RateSetter founders Peter Behrens and Rhydian Lewis talk banks, Australia and dwarves

Harriet Green
Follow Harriet
Lewis and Behrens are hell-bent on giving people more choice with their money
Ask the founders of a business if they’ve got a good setback story, and they’ll usually give you something fairly typecast. Not in the case of RateSetter. “Pete the painter,” answers Peter Behrens firmly, looking over to co-founder Rhydian Lewis. It seems completely off piste, but it actually shows that rumbling the status quo, particularly in the financial world, is no easy task – even your keenest believers can be easily shaken.
Back in 2012, the two year-old peer-to-peer lending company moved up a floor in an office building. Shortly afterwards, one of its earliest advocators – an ex-accountant who had put £75,000 onto the platform – decided to visit. “He walked into the old office and found the place stripped – the only person in there was Pete the painter. He thought it was an elaborate sting,” says Behrens, before Lewis quickly adds, “he is still using us.”
RateSetter is now the largest peer-to-peer lending platform in the UK, in terms of loans created, with over £30m lent through its platform in September alone. It puts borrowers in direct contact with savers, offering returns of up to 6 per cent. Both sides of the market can specify the rate they’ll accept, making them so-called “ratesetters”. You can invest from as little as £10, and for as short a period as a month. RateSetter can also take the credit for creating the first provision fund, which reimburses lenders in the event of a late payment or default, and is now used across the industry. The firm counts Peel Hunt’s Charles Peel and Jupiter’s John Chatfeild-Roberts among its investors. And to date, no saver has ever lost a penny.


Having worked for Betfair and Lazard, Lewis knew somebody needed to turbo-charge the nascent peer-to-peer lending industry. Behrens, a lawyer-turned-banker, was one of several acquaintances to receive an email from Lewis entitled “exciting new opportunity”. He was also the one who replied. “I had a personal paranoia about actually sharing the idea,” says Lewis – and it took the pair two meetings to have it out. Despite the initial caginess, Behrens was sold. “I might just be a bit irresponsible – I had three young children at the time – but I signed up for the ride,” he says.
Supportive friends and family stumped up an impressive £850,000 to help get Ratesetter going. “We decided to spend nine months testing out the thesis,” says Lewis. “No-one ever tells you the truth, so you just need to try it.” It’s clear that RateSetter’s success is buoyed by how much Lewis and Behrens complement each other. Lewis came up with the initial idea, but Behrens has given him the partnership that’s delivered it. “It’s such a dreary word, but you need a good dose of pragmatism,” says Lewis. Behrens adds: “a lot of people sit around waiting to have the idea. But really, life is about implementation far more than innovation”.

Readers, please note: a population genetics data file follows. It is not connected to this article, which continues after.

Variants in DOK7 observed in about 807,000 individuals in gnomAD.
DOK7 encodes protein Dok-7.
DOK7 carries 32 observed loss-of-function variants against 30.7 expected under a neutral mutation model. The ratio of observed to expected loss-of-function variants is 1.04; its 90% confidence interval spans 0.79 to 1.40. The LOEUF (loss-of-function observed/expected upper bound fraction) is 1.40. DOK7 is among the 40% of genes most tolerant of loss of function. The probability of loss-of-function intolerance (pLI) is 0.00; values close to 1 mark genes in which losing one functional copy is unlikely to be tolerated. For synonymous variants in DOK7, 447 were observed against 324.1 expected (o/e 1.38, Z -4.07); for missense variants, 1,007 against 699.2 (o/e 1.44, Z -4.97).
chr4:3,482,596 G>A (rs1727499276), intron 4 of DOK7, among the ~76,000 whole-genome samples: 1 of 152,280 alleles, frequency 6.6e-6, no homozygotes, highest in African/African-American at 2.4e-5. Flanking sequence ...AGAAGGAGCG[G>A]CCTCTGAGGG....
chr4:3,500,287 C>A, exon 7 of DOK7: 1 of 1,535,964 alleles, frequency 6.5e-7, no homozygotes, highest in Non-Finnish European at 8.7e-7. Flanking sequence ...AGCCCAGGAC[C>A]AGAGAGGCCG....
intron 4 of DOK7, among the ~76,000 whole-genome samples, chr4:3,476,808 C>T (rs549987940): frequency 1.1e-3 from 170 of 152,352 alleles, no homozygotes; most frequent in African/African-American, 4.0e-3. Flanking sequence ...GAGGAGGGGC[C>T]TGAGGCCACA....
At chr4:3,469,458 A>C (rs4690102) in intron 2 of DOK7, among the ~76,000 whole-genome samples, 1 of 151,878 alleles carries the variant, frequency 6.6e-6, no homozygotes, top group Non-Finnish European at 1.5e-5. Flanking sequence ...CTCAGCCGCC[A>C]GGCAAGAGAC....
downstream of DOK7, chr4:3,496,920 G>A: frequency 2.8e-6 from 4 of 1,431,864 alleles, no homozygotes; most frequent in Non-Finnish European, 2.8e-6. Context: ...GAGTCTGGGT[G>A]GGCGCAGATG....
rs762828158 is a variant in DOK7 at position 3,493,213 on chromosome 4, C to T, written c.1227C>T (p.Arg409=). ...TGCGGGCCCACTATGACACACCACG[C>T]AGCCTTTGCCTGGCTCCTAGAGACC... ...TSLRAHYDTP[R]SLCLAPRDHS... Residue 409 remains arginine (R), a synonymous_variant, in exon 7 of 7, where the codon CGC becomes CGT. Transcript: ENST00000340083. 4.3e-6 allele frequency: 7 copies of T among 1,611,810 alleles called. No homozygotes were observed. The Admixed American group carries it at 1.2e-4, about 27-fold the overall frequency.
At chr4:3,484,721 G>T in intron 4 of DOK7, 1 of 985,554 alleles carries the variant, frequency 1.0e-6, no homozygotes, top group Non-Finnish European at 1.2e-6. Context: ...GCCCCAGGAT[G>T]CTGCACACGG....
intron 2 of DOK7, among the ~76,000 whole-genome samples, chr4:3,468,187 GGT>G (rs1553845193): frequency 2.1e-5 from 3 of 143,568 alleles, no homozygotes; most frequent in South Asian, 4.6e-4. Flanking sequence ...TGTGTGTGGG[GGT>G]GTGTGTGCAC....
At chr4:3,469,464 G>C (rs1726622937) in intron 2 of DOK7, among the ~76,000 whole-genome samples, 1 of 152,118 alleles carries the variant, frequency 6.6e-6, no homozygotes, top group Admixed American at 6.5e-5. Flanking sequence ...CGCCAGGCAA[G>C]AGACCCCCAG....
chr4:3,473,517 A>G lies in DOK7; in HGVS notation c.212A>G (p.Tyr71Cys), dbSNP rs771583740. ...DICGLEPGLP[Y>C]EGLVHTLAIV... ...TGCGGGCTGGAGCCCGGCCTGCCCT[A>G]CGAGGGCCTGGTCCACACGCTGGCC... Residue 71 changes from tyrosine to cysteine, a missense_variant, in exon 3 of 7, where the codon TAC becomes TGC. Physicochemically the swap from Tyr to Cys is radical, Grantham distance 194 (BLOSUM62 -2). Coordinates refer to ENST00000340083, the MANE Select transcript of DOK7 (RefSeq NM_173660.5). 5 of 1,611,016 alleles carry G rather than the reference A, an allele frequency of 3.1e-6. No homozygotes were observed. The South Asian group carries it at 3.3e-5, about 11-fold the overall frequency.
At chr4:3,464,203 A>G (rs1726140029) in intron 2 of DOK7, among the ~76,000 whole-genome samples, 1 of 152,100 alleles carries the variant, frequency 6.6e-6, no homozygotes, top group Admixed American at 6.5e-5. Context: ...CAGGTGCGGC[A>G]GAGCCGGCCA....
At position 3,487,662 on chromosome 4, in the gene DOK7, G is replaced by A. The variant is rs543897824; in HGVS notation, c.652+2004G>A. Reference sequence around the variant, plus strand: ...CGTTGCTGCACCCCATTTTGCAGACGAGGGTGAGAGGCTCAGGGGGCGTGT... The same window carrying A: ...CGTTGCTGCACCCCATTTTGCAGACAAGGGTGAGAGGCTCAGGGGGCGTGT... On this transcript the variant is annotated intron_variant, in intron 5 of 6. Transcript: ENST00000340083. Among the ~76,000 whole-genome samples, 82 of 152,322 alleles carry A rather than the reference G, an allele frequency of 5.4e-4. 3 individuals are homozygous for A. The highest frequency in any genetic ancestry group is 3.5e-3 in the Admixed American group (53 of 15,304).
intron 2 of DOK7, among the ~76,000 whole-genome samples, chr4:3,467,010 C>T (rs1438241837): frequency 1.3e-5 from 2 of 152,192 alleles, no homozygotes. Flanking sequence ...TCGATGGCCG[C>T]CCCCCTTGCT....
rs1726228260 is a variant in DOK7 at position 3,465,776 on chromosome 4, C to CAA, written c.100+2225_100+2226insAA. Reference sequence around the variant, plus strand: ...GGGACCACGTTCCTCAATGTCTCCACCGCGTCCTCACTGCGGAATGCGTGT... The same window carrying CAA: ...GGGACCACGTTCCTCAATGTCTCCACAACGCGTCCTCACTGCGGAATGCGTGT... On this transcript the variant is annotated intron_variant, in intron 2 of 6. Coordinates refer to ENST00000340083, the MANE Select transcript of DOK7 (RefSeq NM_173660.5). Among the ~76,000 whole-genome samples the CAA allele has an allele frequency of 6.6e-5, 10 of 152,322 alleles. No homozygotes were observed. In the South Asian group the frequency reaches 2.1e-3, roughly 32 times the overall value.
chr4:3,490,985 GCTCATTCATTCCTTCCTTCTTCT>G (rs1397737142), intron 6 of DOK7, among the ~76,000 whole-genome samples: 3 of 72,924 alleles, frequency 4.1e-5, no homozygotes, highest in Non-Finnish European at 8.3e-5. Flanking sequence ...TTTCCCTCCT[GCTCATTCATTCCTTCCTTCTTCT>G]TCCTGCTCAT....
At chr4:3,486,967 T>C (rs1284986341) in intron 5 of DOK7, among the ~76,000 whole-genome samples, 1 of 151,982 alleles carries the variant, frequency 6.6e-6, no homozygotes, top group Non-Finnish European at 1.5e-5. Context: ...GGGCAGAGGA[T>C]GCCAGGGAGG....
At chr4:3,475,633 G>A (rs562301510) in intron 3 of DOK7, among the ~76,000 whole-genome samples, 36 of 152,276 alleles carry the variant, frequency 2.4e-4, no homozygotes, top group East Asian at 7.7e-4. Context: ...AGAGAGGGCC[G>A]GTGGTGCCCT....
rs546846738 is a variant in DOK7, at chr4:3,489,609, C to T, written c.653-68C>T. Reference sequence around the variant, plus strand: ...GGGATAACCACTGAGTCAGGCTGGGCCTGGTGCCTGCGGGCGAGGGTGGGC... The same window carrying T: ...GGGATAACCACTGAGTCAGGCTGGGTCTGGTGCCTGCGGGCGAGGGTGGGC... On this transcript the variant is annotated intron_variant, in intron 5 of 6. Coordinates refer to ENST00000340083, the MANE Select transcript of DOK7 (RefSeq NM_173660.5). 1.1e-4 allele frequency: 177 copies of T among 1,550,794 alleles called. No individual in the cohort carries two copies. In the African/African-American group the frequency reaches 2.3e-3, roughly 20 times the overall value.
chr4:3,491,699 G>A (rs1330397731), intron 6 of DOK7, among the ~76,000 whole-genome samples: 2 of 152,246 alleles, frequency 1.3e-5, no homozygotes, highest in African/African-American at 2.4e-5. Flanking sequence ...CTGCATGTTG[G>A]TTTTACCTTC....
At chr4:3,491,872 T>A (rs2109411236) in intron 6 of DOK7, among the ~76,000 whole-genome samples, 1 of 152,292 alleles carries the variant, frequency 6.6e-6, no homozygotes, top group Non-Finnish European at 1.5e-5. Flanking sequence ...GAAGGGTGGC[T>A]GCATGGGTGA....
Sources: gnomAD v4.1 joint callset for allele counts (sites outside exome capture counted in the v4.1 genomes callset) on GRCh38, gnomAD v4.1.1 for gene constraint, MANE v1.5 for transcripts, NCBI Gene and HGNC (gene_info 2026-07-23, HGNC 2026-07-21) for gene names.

But both men are at the centre of a very innovative – and rapidly growing – sector. “We’re at the beginning of this incredible shift, and London is right at the heart of it,” says Lewis. Now, they’re one of the Big Three, with fellow platforms Zopa and Funding Circle. “It is the Big Three in a land of dwarves,” quips Behrens. “But seriously, it’s good being on the inside – we’re growing the industry together.”
And what really drives both is giving people choice with their cash. “We’re not offering a guarantee, but people can decide for themselves. There’s a new philosophy emerging which is more adult,” says Lewis. The man on the street has persistently been denied an honest relationship with risk, he says. The financial institutions have stockpiled knowledge, but “look where that got us to in 2008.”
But beating the banks isn’t the same as building a big and strong business – and that’s what the pair are absolutely focused on. “It takes time to build a business – to gain trust and traction,” says Behrens. The company has recently been encouraged to float, but they’re resolute in their conviction: “it’s just too early at the moment,” says Lewis. “It comes down to whether we can give better value to our customers. If we can, we keep the right to exist,” says Behrens.
But RateSetter is gathering steam. In April, RateSetter Australia was launched, and government support and a growing number of partnerships are moving things along quickly. The most recent is with CommuterClub, which makes annual travelcards affordable by spreading the cost into monthly payments. The loans it issues are funded by Ratesetter savers. And a successful new ad campaign has seen the pair’s “world change,” admits Lewis. “We are very optimistic and forward-looking,” says Behrens.”


Company name: RateSetter
Turnover: £5m
Founded: 2010
Number of staff: 51
Job title: Chief executive
Age: 37
Studied: French, Spanish and Arabic, Bristol University
Currently reading: War and Gold, by Kwasi Kwarteng
Favourite business book: I don’t read them
First ambition: To be a racehorse trainer
Motto: “Live and let live”
Least likely to say: “I’m bored”


Job title: Chief operating officer
Age: 37
Studied: History, Bristol University and Law at BPP
Currently reading: Apple Tree Yard, by Louise Doughty
Favourite business book: The Branded Gentry, by David Hopper
First ambition: To be as good a sports journalist as Simon Barnes
Heroes: Gianfranco Zola and Douglas Bader
Motto: My first school motto was “Dum Spiro Spero” – “while I breathe, I hope,” and I think that’s pretty good
Least likely to say: “I don’t have time to listen to you”
This article was amended on 10 November to reflect that, in terms of loans created, Ratesetter is the largest peer-to-peer lending platform in the UK, but is the third biggest in terms of overall amount lent.

Related articles